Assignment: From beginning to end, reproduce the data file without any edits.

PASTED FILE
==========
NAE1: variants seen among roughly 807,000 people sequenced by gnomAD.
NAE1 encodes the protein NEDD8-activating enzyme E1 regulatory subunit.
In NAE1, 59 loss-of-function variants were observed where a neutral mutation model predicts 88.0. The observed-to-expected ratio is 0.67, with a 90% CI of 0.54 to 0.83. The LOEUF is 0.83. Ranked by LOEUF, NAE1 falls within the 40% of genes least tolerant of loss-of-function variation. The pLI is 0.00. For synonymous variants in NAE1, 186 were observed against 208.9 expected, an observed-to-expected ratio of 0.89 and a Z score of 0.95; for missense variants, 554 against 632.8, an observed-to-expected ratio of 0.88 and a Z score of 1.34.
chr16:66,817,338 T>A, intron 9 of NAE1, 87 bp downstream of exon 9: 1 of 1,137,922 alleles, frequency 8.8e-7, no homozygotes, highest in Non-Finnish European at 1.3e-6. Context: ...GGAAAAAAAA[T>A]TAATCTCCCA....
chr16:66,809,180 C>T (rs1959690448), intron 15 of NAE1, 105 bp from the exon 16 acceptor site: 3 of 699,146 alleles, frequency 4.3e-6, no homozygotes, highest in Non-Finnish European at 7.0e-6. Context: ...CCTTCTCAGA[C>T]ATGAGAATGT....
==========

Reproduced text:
NAE1: variants seen among roughly 807,000 people sequenced by gnomAD.
NAE1 encodes the protein NEDD8-activating enzyme E1 regulatory subunit.
In NAE1, 59 loss-of-function variants were observed where a neutral mutation model predicts 88.0. The observed-to-expected ratio is 0.67, with a 90% CI of 0.54 to 0.83. The LOEUF is 0.83. Ranked by LOEUF, NAE1 falls within the 40% of genes least tolerant of loss-of-function variation. The pLI is 0.00. For synonymous variants in NAE1, 186 were observed against 208.9 expected, an observed-to-expected ratio of 0.89 and a Z score of 0.95; for missense variants, 554 against 632.8, an observed-to-expected ratio of 0.88 and a Z score of 1.34.
chr16:66,817,338 T>A, intron 9 of NAE1, 87 bp downstream of exon 9: 1 of 1,137,922 alleles, frequency 8.8e-7, no homozygotes, highest in Non-Finnish European at 1.3e-6. Context: ...GGAAAAAAAA[T>A]TAATCTCCCA....
chr16:66,809,180 C>T (rs1959690448), intron 15 of NAE1, 105 bp from the exon 16 acceptor site: 3 of 699,146 alleles, frequency 4.3e-6, no homozygotes, highest in Non-Finnish European at 7.0e-6. Context: ...CCTTCTCAGA[C>T]ATGAGAATGT....